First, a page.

History is full of union and division. Whether people joined together or not This Week in History, we’ll look at four events where people either split apart or came together despite the divisions that separated them. Let’s dive in!
On Oct. 18, 1469, 552 years ago, Ferdinand of Aragon married Isabella of Castille, uniting all of Spain and beginning the Spanish Golden Age.
When the Roman Empire fell in the 5th century A.D., western Europe lay in a chaotic mess of various kingdoms constantly at war with one another. The 15th century, almost 1000 years later, saw the unification of such kingdoms into the modern nation-states we know today. Spain was the first to do so, beginning with the royal wedding of the millenium.
Ferdinand was the heir to the throne of Aragon (eastern Spain and home of modern-day Barcelona) while Isabella was the sister of Henry (Enrique in Spanish), the King of Castille (central Spain and home of Madrid). Henry was not exactly a popular leader, bearing the nickname, “The Impotent,” by his people. Ferdinand and Isabella seized the Castillian throne from Henry, and the duo ruled over the newly-formed Spanish nation.
Known as the “Catholic Monarchs,” Ferdinand and Isabella were fiercely loyal to the Roman Catholic Church and vowed to “cleanse” Spain of its heretics. The couple launched a military campaign, the “Reconquista,” to conquer the remaining independent Spanish territories and expel the Moors (North African Muslims) out of Granada and ultimately out of Europe. Remaining Spanish Jews and Muslims were forced to covert to Christianity, or leave Spain and never return.
Ferdinand and Isabella’s reign marked the beginning of the “Age of Exploration” with the sponsorship of Columbus’s fateful voyage across the Atlantic. Flying under the Spanish flag, several “conquistadors” claimed land in North, Central and South America in the name of Ferdinand, Isabella and their heirs. While such colonies brought Spain tremendous wealth and power, it also brought about the mass destruction of the Indigenous civilizations already established in the “New World.”
Also on Oct. 18, in 1767, 254 years ago, the Mason-Dixon Line officially divided the “North” and “South” of what would become the U.S.
This line began when two families hired Charles Mason and Jeremiah Dixon to clearly define the boundaries of their adjacent properties. It eventually divided the two warring cultures of the U.S., erupting into the bloodiest conflict of U.S. history. As English colonists began settling the East Coast of what would become the U.S., wealthy English families requested land from the English king to establish their own colonies in the New World.
The Penn and Calvert families did exactly that to establish religious havens for their people in North America. The Penns were Quakers and established Pennslyvania, while the Calverts were Catholic and established Maryland. Neither group was accepted by the Church of England, therefore they both sought greener pastures in North America.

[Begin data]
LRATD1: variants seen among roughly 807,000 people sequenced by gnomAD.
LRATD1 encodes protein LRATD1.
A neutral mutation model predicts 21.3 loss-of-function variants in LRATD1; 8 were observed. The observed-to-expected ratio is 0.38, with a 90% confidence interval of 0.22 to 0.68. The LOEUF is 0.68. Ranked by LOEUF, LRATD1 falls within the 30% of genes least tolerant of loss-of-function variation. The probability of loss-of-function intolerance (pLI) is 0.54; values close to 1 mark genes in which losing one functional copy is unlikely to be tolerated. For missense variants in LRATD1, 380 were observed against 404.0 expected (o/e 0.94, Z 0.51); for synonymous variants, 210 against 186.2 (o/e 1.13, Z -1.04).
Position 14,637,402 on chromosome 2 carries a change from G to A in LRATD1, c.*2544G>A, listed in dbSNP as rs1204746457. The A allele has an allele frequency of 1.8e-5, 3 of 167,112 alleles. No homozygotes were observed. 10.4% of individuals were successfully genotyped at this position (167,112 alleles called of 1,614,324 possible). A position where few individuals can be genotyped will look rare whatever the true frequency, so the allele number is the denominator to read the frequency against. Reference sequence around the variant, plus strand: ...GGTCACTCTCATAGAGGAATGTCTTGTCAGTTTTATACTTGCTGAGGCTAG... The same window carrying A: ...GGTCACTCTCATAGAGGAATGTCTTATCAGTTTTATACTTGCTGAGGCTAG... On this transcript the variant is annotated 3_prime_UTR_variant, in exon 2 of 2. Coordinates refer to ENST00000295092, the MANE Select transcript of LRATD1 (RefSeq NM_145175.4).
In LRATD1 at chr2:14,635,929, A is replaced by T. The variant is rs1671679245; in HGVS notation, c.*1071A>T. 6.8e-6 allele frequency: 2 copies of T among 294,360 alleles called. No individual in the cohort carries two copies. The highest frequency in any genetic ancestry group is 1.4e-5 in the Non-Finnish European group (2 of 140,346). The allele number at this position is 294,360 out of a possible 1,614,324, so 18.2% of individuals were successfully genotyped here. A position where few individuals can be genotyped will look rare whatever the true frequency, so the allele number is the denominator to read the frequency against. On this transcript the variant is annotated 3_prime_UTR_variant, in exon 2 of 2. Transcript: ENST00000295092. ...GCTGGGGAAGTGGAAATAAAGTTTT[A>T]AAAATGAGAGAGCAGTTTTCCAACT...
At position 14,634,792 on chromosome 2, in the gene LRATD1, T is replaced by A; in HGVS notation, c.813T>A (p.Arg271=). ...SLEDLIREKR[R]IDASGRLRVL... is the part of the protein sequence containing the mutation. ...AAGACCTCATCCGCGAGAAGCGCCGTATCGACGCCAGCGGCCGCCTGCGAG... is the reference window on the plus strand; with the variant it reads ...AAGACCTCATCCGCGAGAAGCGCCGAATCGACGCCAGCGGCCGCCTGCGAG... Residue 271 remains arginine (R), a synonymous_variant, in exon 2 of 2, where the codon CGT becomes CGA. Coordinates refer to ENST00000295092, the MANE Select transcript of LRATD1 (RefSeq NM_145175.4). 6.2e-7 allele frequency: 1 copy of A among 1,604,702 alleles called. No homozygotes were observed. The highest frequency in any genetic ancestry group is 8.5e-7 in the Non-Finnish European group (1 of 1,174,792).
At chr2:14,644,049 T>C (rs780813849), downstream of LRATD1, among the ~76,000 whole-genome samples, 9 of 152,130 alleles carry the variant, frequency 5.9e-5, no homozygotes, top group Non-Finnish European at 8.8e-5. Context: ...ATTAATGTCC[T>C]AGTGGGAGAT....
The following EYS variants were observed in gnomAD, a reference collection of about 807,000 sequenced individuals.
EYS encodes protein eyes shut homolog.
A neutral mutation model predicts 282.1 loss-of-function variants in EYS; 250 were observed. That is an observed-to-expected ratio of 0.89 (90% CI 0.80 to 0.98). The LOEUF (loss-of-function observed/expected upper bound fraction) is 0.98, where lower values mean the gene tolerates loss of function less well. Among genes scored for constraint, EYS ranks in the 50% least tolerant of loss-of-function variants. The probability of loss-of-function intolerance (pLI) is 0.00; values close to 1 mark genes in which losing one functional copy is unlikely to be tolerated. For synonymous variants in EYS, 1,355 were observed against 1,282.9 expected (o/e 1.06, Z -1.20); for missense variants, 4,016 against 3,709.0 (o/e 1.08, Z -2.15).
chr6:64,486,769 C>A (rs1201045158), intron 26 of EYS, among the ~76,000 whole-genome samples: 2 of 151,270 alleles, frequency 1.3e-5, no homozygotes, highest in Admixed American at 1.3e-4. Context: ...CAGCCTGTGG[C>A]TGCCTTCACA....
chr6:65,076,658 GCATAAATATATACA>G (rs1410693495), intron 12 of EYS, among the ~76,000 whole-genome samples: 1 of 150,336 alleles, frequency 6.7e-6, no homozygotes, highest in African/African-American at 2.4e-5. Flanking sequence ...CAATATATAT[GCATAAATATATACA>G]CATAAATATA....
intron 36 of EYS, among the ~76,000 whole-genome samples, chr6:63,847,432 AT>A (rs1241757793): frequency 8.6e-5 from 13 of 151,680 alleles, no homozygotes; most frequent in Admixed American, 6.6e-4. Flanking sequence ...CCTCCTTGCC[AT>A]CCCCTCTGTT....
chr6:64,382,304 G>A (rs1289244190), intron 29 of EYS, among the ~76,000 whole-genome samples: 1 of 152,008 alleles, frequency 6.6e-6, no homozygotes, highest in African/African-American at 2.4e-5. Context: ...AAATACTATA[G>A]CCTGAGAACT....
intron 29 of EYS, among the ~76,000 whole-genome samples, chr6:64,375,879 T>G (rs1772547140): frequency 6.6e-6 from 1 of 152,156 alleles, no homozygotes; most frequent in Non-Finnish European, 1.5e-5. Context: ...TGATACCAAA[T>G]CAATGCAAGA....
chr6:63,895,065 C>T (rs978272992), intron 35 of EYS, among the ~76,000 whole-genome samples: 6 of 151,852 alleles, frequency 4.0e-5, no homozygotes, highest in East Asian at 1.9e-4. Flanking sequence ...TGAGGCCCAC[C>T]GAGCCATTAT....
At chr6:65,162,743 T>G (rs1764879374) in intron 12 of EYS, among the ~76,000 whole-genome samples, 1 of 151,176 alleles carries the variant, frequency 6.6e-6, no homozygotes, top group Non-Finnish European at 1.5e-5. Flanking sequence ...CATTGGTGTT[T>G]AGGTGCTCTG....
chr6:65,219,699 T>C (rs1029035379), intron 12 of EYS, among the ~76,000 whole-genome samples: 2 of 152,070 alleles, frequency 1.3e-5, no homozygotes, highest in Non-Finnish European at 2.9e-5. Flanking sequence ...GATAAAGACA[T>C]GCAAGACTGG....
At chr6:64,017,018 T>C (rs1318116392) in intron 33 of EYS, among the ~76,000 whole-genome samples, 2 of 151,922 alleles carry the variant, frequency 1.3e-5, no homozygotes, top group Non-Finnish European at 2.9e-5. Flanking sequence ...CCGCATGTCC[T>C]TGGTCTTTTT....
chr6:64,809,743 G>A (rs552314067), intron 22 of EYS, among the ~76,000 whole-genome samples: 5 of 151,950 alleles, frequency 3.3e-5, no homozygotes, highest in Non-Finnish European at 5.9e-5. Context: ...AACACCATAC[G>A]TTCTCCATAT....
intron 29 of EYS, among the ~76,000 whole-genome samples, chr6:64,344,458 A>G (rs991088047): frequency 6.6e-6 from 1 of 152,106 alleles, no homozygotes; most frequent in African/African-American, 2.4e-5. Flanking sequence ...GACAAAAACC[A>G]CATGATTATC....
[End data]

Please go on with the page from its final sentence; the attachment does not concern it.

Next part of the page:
The border between Pennsylvania and Maryland would come to prominence over the next 100 years as the line between North and South, Democratic and Republican states and slave states and free states. Slaves like Harriet Tubman would escape the South by crossing the border into Pennslyvania.
Interestingly enough, while Maryland was a slave-holding state that considered itself “Southern,” the Mason-Dixon Line was not the boundary between the North and South during the Civil War. Instead, the Potomac River, the border between Maryland and Virginia, divided the two factions because Washington, D.C. lay between them. President Lincoln allowed Maryland to continue owning slaves in order to protect the U.S. capitol from being surrounded by the Confederacy.
Again on Oct. 18, this time in 1898, 123 years ago, Puerto Rico became a part of the U.S. at the close of the Spanish-American War.
When the average American thinks of the many wars the U.S. fought in, the Spanish-American War rarely comes to mind. Like many nations of the late 19th century, however, the U..S sought to become an imperial power, with territorial claims around the world like those of Western European nations. Over the course of a few months, the U.S. wrestled with the crumbling Spanish Empire and took control over Puerto Rico, Guam and the Philippines.
The U.S. government would try to “Americanize” the island by granting American citizenship to Puerto Ricans in 1917, even making efforts to enforce English as the official language. Puerto Rico, however, was able to uphold its cultural traditions over the next century and even draft its own constitution in 1952.
The question of Puerto Rican statehood has loomed throughout the entirety of its history as a U.S. territory. In 2020, a majority of Puerto Ricans voted in favor of statehood in an island-wide referendum, however, it would require congressional action to move forward.
On Oct. 18, 1961, 60 years ago, the American musical film, “West Side Story,” was released in movie theaters nationwide.
Based off of the Broadway musical of the same name which took its inspiration from Shakespeare’s “Romeo and Juliet,” “West Side Story” is arguably the greatest movie musical of Old Hollywood. Set in the tenements of the mid-century Manhattan, the film chronicles the tragic story of star-crossed lovers, Tony and Maria, who fall for each other despite the ethnic divides of their rivaling gangs.
“West Side Story” was the darling of the 1962 award season, winning 10 out of the 11 Academy Awards it was nominated for, including Best Picture and Best Supporting Actress for Rita Moreno, the first Latinx actress to win an Oscar.
The film has been criticized in recent years for its lack of Latinx actors in Latinx roles. The 2021 Steven Spielberg remake, set to release in December, promises to feature a diverse cast with Moreno in a featured role.